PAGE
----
Ana Núñez, PHD, of the Drexel College of Medicine.
For the United States to reach its full potential, the College of Medicine’s Ana Núñez believes that everyone must have attainable access to the same medical care.
“Achieving basic health, as a human right, would afford us the most productive populace, which helps our society,” Núñez, PhD, said. “The tiered system of ‘have and have not’ is ‘breaking the bank.’ If we continue to pretend that we can ignore our most vulnerable, they will continue coming into health care systems late, extremely ill and requiring a vast amount of money for care — with much of it quietly charged to everyone in terms of taxes.”
Núñez is Drexel’s dean for urban health equity, education and research and has spent her career working on the impact that cross-cultural issues have in providing health care.
For that work, Núñez will receive this year’s Herbert W. Nickens Award from the Association of American Medical Colleges. The award is given to those who have made “outstanding contributions to promoting justice in medical education and health equity in the United States.”
In advance of receiving the award at a black tie gala this month, Núñez discussed the state of public health in the United States with DrexelNow and what can be done in the future to improve it.
Your award is for advocating for medical education and health equity. How important is it to draw attention to health inequity now?
The wealth gap, the exploding cost of care becoming a national security issue despite poor outcomes, lives “mattering” or not, the never-ending loss of lives to gun violence — I don’t think we can wait any longer to advocate for health equity. The need for attention to health equity and its barriers are related.
People often mistake addressing health inequities with caring about “someone else’s problems.”
But I have yet to hear from any patient getting health care that interacting with the system was easy and seamless. When we improve health care for our most vulnerable, we improve it for everyone.
Are there any concrete steps that you see for the short-term that could improve everyone’s ability to get quality health care?
We need to use our political voices — we all need to engage and use our right to be well represented. In the United States, as a democracy, we have a voice that can result in change — yet too few people use it. More people vote on shows like “Dancing With the Stars” than vote in elections!
We need to ask questions about the things we care about and insist on concrete answers, not vague party-laden platitudes. I think people want cost-effective solutions to their health care and there is a role for government to facilitate that happening.
But we can’t just hope something happens: We need to pay attention and get involved — from keeping up about what is happening in health care, to using groups or societies to help convey ideas to meeting candidates and asking questions.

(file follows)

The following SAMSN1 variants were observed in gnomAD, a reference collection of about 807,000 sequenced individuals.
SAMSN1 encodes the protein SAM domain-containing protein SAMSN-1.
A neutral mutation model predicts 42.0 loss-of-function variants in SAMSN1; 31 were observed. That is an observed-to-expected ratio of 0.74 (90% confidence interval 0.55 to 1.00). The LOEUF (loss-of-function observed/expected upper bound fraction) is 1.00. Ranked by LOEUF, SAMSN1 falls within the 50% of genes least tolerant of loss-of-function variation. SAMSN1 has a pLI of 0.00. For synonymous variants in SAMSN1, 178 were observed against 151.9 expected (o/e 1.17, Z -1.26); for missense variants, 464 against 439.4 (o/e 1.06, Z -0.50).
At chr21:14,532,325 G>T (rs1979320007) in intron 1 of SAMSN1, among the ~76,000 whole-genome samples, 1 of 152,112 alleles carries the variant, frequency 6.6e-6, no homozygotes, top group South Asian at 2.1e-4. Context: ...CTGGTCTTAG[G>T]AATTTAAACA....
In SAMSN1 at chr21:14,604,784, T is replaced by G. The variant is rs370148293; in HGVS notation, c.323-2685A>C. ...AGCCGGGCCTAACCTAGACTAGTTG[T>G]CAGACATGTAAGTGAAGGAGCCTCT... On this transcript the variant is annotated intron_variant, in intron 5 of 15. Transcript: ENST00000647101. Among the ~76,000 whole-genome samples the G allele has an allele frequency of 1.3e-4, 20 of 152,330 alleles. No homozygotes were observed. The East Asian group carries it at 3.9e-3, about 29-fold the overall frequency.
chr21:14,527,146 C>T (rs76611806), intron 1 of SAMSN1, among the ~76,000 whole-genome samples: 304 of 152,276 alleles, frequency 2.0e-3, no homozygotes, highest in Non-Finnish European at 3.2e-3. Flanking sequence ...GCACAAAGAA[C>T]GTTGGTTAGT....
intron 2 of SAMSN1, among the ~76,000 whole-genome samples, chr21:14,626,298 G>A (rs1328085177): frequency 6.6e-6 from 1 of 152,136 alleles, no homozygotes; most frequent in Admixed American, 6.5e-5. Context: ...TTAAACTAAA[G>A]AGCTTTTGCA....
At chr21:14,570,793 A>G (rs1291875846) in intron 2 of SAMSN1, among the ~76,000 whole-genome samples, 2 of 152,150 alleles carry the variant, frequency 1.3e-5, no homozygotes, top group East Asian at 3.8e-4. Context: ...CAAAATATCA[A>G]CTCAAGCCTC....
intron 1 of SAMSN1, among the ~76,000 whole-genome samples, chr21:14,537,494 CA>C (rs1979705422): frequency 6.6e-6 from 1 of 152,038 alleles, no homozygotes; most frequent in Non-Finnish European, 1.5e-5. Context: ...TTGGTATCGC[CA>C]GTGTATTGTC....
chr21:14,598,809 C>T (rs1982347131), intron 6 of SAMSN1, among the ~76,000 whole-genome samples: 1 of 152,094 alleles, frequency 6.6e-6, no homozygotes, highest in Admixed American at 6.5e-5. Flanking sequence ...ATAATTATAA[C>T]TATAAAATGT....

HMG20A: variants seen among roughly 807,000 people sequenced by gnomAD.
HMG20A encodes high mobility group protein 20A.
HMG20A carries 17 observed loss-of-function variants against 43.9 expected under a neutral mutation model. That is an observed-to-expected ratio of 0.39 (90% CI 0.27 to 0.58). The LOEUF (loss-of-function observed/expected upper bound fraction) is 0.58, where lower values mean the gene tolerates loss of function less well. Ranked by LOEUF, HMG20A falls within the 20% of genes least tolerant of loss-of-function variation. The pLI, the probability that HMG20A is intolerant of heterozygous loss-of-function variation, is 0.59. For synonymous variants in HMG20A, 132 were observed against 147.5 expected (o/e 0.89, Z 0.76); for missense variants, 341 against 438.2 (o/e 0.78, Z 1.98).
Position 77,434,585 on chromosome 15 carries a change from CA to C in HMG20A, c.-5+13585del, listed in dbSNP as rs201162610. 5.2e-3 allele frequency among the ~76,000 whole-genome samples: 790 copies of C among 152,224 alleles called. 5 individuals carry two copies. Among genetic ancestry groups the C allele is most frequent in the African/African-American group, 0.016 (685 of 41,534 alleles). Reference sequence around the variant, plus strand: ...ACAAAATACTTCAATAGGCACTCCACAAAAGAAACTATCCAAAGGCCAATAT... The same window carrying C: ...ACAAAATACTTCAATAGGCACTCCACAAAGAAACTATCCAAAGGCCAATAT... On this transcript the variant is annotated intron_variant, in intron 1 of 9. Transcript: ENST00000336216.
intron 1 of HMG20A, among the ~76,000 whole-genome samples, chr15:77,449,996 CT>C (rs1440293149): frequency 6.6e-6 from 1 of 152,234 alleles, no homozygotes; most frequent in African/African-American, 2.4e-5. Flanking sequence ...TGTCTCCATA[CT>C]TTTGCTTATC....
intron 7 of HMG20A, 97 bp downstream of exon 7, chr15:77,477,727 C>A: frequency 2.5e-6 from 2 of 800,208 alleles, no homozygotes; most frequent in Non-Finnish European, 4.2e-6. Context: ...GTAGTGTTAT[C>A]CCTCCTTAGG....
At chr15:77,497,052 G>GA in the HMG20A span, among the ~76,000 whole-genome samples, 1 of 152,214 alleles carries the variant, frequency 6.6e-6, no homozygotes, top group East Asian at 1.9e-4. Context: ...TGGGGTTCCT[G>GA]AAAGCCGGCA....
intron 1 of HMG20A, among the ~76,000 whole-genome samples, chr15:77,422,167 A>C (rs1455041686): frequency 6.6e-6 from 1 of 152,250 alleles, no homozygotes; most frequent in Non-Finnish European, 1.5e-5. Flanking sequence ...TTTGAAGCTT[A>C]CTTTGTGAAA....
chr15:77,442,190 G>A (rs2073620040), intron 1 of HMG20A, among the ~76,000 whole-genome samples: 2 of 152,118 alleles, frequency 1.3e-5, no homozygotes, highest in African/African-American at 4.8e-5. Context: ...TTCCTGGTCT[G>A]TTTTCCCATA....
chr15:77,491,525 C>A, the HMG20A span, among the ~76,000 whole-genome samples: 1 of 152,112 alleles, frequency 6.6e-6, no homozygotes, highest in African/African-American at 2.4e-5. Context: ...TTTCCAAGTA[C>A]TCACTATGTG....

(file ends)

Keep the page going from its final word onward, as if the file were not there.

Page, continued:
We must also support improvements in the Affordable Care Act for actual health reform. We need to improve it from modest health care financing reform that decreases the uninsured to actual health care reform is needed.
Promoting health advocacy and technology are also key. We need to work to help individuals so that they can advocate for their health. Electronic portals have their advantages, but if health literacy is an issue, it may merely be another source of confusion.
Many people assume that there is interconnectivity between electronic medical records. They think, “If I go to Hospital X, my doctor across town will get an electronic message and know about it.” Not so.
Do you feel the country has taken any recent steps backward in health equity?
The lack of “doing the people’s work” in government is a huge detriment and worsening health disparities. During the time of my health policy fellowship, I learned that good ideas that the people need can come from “both sides of the aisle.” For example, one person may value an initiative because it promotes jobs. Someone else can support it because it helps eliminate health inequities.
But the hyperpartisan nature and the lack of work bringing forth bills in government just compounds our problems. If elective officials never show up to work or collectively refuse to move forward bills, nothing gets done. In 1946, Congress earned the title of the “Do-Nothing Congress” by passing only 906 bills. The current 113th Congress passed fewer than 150!
If we want a change, we have to share with our representatives that this is unacceptable instead of being collectively cynical and apathetic.
What do we have to ask ourselves when we think about providing everyone with quality health care?
I think the first question needs to be, “What does it take, as an industrialized society, for us to collectively value health as a human right?” When we compare per-person health expenditures, we spend $8,508 per person, while industrialized countries spend $4,385 on average. But when ranked by quality of care, we rank last. More is clearly not better.
By and large, we in the United States deny supporting class-based systems seen in other countries, but that’s exactly what we have: “money” versus not. If your deductible is $5,000, your monthly medicine costs are $800 and you don’t earn a living wage, you don’t have access to health.
When it comes to equity, think about this: If I have four children running a race, with one in a wheelchair, one with a leg in a cast, one on crutches and the last with no limitations, who will cross the finish line fastest? We assume that it will be the child with no limitations. However, when it comes to health, shouldn’t our question really be, “How do we get all the children across the finish line?”
Equity doesn’t mean equal — equity means doing what needs to be done to get everyone closer to health. We can’t expect everyone to “pull themselves up by their bootstraps” — some don’t even have shoes.